Parental Impasse Leads to Judge Wresting Control of Medical Decision Making for Child

By Fredrick P. Niemann, Esq. of Hanlon Niemann & Wright, a Freehold, NJ Guardianship and Health Care Directive Attorney

An Ocean County judge has ruled that a Court can appoint one parent as a child’s temporary medical custodian even though the divorced parents have a joint custody agreement, whenever an impasse occurs over their child’s medical treatment.

Superior Court Judge Lawrence Jones appointed the father as temporary medical custodian in a case where the parents could not agree on which type of operation their son should have or which surgeon should be used to address a sports injury.

Jones noted that New Jersey’s custody statute requires a court to consider various factors relating to custody arrangements, including the child’s health.

In appointing a temporary medical custodian, Jones said that “in cases of separation and divorce, a child’s needs are more important than that of either parent. The legal principle is known as “parens patriae jurisdiction”. When presented with a choice between parents’ rights and children’s rights, the choice is and must be the children’s welfare and best interests.”

The ruling does not disrupt the parents’ status as joint custodians, but gives the father authority over the child’s immediate medical needs, the court said. The father was chosen because his home is where the child spends most of his time and because the father would have primary duty for caring for the child during recovery.

“When divorced parents cannot otherwise agree, and when a surgeon is performing surgery on a child, the surgeon logically needs to obtain parental authorization and direction from a designated representative in a clear, unambiguous, and consistent manner. In this case, [the] same is not likely to happen unless the court designates one parent as the child’s temporary medical custodian … for the limited purpose of securing treatment for this particular injury,” Jones said.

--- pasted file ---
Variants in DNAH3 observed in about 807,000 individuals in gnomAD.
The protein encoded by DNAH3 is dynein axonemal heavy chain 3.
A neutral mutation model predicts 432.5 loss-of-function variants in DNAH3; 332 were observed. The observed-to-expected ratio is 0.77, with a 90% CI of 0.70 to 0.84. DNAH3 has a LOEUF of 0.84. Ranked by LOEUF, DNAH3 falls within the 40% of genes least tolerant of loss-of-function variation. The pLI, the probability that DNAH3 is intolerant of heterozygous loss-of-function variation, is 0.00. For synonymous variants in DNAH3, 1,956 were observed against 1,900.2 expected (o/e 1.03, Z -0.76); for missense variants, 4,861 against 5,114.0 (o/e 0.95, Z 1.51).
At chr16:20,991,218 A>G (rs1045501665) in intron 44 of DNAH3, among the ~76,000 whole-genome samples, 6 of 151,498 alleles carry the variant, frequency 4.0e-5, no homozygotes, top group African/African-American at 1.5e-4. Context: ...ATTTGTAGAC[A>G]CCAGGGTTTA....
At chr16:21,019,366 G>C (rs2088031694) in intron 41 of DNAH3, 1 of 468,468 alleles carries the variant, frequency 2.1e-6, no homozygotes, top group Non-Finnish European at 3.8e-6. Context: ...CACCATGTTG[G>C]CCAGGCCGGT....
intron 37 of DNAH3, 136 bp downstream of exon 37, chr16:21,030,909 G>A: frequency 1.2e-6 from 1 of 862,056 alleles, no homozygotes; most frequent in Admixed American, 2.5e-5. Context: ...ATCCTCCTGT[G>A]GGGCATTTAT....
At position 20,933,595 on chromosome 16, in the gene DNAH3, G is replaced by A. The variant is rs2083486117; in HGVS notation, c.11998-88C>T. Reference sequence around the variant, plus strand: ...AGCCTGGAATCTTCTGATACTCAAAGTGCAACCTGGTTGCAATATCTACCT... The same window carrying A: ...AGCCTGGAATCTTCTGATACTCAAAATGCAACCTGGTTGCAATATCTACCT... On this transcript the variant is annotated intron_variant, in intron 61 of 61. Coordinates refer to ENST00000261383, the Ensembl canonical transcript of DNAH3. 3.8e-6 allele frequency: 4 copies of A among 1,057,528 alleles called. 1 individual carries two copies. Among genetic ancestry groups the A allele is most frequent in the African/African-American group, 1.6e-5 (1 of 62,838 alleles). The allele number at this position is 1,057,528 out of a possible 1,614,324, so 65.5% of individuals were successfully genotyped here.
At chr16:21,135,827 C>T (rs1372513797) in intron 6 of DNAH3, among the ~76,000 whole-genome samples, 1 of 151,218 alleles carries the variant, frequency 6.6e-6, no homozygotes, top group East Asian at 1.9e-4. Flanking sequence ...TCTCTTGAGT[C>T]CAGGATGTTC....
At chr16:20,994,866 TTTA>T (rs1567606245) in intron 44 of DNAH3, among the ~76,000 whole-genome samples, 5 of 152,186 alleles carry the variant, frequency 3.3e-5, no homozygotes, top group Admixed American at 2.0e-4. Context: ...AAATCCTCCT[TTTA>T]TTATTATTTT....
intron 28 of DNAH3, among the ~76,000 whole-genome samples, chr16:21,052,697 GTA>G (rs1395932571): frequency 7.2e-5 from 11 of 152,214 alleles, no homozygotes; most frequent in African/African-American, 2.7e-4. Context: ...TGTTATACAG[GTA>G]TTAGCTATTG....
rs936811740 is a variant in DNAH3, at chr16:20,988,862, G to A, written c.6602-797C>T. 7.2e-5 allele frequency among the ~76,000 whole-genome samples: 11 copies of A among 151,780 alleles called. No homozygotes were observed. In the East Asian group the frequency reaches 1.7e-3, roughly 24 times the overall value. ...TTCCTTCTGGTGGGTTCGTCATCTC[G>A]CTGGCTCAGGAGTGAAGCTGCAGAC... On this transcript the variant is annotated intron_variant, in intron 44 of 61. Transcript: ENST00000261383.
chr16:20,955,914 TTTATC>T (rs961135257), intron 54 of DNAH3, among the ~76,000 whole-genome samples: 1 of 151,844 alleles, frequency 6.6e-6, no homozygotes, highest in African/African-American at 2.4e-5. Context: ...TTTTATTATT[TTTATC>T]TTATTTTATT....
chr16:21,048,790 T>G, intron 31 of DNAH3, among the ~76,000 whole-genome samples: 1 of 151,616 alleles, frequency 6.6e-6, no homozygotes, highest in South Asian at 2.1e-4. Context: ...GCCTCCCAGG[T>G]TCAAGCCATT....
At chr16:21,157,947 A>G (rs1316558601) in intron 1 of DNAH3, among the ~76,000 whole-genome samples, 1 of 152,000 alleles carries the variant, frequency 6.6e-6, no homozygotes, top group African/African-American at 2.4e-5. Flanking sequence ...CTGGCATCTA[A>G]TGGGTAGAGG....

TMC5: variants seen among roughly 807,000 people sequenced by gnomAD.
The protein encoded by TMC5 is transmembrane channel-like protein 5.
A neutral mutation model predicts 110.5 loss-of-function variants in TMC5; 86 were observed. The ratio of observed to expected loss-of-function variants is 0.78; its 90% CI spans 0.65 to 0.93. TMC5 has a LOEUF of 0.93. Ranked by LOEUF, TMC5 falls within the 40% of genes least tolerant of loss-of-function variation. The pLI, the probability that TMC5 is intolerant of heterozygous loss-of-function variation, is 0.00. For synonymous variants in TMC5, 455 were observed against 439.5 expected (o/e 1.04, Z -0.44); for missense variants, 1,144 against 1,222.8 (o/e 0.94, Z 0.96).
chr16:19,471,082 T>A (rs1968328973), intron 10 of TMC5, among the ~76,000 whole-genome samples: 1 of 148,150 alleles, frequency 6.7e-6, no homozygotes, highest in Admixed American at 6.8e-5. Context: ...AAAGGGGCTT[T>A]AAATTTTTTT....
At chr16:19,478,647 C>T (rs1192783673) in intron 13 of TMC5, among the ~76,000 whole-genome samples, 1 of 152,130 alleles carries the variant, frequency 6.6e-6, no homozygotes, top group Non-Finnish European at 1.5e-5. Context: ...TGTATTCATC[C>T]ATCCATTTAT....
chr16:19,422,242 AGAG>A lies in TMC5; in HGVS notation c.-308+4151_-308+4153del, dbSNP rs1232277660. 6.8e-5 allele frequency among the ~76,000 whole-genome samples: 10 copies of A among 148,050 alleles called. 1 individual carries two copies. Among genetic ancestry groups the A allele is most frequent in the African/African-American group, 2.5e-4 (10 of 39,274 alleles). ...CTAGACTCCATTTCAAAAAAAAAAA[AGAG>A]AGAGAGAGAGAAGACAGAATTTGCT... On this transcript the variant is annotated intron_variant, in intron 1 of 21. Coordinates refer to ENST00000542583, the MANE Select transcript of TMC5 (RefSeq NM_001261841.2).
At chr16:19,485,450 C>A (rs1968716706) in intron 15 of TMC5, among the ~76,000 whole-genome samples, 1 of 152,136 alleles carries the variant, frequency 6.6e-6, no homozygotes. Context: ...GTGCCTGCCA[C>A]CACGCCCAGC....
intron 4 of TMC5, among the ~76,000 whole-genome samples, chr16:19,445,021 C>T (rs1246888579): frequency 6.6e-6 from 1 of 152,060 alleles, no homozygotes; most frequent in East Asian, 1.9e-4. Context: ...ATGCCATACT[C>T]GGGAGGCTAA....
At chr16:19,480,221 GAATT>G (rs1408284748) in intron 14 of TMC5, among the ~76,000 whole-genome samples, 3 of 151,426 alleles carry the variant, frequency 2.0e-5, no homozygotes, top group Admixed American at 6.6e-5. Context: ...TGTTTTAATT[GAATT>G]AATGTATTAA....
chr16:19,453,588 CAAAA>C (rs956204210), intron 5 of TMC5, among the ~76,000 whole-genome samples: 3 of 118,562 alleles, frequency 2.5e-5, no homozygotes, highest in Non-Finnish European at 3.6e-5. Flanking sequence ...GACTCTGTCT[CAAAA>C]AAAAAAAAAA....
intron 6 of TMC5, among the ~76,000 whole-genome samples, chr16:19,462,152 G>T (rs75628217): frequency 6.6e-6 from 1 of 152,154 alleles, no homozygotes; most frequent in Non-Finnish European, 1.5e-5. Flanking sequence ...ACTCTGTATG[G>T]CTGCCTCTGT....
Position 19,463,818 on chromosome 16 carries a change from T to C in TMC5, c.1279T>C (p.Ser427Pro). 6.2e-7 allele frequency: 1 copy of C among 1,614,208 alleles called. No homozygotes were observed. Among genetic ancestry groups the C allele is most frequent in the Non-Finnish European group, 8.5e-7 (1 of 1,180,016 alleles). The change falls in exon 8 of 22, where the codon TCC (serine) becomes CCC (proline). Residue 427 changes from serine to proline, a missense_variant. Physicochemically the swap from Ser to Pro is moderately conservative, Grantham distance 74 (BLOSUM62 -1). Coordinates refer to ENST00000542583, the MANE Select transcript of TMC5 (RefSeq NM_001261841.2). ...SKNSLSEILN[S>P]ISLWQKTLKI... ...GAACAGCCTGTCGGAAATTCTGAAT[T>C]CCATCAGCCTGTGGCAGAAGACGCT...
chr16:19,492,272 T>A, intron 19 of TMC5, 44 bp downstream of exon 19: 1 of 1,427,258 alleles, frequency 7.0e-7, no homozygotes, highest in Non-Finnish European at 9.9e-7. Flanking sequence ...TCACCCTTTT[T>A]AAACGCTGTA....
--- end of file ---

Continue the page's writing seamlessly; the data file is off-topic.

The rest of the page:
The medical custodian is obligated to keep the other parent informed about the child’s treatment and appointments and must give the other parent notice by email, 10 days in advance, of any surgery, Jones said.

Jones ruled after holding a hearing where both surgeons participated by phone. He concluded that “the distinction appeared to be wholly one of valid professional discretion, with no objectively discernable ‘right’ or ‘wrong’ answer from a medical standpoint.”

Each doctor agreed that the patient needed to undergo an ulnar nerve relocation. The difference came down to a recommendation by the second doctor for an additional step, the shaving down of a small piece of the elbow bone, while the first doctor said that step was not necessary.

Neither party had an attorney in the case, M.T. v D.T.

Some family law attorneys have commented that would have preferred for the judge to appoint an impartial expert to decide which course of medical treatment was best, rather than to make the decision himself.

The takeaway from the decision suggests that divorcing couples may benefit from including a mechanism in their divorce settlement that spells out how to resolve disputes over issues such as their child’s health care or education. Such agreements are often in a settlement for divorcing couples who find it difficult to communicate, he said.

To discuss your NJ Guardianship and Health Care Directive matter, please contact Fredrick P. Niemann, Esq. toll-free at (855) 376-5291 or email him at  Please ask us about our video conferencing consultations if you are unable to come to our office.